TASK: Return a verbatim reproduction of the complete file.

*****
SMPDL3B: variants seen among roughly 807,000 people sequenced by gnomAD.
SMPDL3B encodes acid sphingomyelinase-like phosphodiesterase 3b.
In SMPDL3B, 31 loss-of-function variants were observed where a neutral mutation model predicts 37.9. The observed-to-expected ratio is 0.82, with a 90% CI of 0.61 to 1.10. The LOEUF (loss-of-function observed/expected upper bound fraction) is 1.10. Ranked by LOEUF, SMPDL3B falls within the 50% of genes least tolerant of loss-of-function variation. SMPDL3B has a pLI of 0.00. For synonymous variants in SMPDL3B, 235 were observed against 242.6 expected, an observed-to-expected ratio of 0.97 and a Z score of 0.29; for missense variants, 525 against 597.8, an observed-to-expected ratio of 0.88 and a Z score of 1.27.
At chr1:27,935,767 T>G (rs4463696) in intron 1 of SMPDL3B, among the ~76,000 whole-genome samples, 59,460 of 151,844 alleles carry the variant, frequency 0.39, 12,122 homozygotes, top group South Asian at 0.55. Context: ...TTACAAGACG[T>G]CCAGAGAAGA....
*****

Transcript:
SMPDL3B: variants seen among roughly 807,000 people sequenced by gnomAD.
SMPDL3B encodes acid sphingomyelinase-like phosphodiesterase 3b.
In SMPDL3B, 31 loss-of-function variants were observed where a neutral mutation model predicts 37.9. The observed-to-expected ratio is 0.82, with a 90% CI of 0.61 to 1.10. The LOEUF (loss-of-function observed/expected upper bound fraction) is 1.10. Ranked by LOEUF, SMPDL3B falls within the 50% of genes least tolerant of loss-of-function variation. SMPDL3B has a pLI of 0.00. For synonymous variants in SMPDL3B, 235 were observed against 242.6 expected, an observed-to-expected ratio of 0.97 and a Z score of 0.29; for missense variants, 525 against 597.8, an observed-to-expected ratio of 0.88 and a Z score of 1.27.
At chr1:27,935,767 T>G (rs4463696) in intron 1 of SMPDL3B, among the ~76,000 whole-genome samples, 59,460 of 151,844 alleles carry the variant, frequency 0.39, 12,122 homozygotes, top group South Asian at 0.55. Context: ...TTACAAGACG[T>G]CCAGAGAAGA....